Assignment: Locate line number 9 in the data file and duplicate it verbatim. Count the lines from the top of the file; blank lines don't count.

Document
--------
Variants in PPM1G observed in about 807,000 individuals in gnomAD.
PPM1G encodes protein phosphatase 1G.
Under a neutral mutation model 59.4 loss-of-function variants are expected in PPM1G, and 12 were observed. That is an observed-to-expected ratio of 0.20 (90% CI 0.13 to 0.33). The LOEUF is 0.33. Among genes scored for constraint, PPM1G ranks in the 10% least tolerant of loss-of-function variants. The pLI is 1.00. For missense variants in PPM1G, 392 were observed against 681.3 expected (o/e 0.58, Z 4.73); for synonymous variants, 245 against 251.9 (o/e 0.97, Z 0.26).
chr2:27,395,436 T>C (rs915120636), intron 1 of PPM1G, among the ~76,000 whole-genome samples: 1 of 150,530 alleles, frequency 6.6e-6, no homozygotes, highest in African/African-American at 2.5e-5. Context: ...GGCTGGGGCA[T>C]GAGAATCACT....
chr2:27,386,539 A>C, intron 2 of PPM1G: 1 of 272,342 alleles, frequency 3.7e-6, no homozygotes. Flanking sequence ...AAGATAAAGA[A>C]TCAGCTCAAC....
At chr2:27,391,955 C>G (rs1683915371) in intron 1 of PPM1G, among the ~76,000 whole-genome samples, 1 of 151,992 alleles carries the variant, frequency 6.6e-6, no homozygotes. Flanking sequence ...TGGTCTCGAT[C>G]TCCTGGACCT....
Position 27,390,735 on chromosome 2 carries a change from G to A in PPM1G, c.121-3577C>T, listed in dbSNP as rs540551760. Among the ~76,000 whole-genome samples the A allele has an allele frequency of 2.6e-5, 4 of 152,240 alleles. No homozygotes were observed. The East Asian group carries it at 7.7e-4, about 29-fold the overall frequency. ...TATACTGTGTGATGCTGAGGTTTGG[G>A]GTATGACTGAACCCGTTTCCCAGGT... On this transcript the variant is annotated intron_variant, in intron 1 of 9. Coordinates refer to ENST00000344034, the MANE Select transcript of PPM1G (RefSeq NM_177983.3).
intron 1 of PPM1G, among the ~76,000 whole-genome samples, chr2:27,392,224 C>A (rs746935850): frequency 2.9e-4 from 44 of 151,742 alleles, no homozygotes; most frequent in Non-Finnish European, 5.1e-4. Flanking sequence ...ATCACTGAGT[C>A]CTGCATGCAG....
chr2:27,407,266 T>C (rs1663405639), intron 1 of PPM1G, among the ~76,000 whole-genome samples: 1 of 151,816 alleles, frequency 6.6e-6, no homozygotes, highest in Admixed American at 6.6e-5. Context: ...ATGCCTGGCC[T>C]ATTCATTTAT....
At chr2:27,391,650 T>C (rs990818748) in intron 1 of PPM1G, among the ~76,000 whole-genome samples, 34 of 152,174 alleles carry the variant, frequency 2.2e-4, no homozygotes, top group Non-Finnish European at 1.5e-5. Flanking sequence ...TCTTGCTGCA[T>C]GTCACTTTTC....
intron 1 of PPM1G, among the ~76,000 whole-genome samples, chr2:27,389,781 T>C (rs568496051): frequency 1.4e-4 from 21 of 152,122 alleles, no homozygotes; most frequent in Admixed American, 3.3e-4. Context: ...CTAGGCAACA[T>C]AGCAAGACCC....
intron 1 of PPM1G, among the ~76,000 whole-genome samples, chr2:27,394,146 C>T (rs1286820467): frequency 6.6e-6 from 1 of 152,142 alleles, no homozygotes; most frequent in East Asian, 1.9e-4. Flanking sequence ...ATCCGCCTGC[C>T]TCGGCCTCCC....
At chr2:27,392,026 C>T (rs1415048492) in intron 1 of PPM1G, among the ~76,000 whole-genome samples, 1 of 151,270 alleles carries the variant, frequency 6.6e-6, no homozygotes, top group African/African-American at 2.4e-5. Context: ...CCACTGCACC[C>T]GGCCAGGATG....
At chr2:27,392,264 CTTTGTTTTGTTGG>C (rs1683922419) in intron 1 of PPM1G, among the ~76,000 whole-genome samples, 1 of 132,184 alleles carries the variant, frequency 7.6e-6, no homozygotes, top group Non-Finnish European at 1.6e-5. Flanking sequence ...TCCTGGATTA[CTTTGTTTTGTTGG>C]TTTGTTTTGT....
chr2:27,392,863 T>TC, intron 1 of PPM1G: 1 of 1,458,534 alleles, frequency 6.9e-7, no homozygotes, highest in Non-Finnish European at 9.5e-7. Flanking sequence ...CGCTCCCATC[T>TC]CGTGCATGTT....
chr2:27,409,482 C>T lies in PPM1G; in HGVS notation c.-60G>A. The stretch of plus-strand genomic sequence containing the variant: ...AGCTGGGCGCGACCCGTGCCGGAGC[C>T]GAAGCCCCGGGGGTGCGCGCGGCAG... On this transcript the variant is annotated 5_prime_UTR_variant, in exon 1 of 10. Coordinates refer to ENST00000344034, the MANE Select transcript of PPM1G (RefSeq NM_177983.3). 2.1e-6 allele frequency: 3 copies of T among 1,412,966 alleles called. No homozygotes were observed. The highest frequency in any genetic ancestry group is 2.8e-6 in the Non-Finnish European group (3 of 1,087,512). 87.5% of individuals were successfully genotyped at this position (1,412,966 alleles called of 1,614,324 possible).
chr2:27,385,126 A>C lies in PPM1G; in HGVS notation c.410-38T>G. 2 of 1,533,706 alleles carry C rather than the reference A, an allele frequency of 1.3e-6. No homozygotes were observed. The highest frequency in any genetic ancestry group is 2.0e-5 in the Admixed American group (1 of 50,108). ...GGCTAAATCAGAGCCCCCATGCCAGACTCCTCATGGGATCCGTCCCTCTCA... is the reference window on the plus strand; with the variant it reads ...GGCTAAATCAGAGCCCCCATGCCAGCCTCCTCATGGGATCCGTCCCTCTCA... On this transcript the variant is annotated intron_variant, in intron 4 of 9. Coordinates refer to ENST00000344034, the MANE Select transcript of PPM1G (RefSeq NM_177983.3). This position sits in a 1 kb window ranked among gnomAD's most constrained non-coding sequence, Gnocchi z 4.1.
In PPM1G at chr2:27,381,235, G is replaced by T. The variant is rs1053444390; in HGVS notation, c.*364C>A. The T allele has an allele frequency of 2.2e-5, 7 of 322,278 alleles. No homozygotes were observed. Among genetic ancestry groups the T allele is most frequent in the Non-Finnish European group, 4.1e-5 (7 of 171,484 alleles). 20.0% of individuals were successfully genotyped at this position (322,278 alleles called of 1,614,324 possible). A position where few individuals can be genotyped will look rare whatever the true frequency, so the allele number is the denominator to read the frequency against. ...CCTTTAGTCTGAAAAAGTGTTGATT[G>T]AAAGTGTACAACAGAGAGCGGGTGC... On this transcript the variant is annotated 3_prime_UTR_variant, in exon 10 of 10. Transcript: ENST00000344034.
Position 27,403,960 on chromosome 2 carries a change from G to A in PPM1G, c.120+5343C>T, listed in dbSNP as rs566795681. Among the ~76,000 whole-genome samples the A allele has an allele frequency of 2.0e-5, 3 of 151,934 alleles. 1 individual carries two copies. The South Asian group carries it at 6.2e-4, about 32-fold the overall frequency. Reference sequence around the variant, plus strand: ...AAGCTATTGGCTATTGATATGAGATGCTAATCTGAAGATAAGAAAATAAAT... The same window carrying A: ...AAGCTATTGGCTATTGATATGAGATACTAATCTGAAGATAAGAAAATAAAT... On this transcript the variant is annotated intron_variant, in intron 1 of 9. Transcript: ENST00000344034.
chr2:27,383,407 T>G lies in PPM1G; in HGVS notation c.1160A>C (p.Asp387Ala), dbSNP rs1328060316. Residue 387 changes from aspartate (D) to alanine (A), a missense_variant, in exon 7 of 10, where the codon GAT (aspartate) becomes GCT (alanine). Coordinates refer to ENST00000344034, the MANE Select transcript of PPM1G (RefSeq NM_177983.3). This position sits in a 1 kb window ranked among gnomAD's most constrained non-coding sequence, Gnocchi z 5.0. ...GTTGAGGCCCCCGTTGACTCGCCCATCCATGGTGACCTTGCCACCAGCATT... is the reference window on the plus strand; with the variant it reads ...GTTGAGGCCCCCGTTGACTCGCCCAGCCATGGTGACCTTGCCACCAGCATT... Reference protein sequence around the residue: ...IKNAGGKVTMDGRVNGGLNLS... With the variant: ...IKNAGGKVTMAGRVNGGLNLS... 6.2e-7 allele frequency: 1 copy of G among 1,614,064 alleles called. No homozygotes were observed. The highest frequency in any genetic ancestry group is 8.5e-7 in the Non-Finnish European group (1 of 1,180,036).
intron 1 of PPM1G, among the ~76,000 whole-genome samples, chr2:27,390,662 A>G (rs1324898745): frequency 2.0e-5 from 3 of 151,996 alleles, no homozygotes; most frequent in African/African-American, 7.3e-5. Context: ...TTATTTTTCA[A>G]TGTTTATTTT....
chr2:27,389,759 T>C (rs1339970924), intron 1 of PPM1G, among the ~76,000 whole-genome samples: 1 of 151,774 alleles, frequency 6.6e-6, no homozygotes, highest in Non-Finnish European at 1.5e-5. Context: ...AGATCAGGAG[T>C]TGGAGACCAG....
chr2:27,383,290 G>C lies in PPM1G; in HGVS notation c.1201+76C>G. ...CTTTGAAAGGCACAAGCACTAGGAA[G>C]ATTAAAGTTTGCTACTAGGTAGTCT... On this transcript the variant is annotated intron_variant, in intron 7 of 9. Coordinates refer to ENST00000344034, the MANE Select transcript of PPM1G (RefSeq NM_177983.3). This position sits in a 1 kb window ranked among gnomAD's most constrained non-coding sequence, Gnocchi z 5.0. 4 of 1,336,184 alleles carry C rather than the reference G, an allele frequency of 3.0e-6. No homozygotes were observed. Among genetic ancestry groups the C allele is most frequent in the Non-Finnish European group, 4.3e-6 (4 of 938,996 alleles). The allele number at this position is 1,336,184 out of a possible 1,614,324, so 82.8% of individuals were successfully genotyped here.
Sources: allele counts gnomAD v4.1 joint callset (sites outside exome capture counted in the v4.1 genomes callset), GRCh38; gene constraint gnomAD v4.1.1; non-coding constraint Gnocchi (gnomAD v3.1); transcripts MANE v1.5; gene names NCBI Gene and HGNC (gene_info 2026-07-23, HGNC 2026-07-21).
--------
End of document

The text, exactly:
chr2:27,407,266 T>C (rs1663405639), intron 1 of PPM1G, among the ~76,000 whole-genome samples: 1 of 151,816 alleles, frequency 6.6e-6, no homozygotes, highest in Admixed American at 6.6e-5. Context: ...ATGCCTGGCC[T>C]ATTCATTTAT....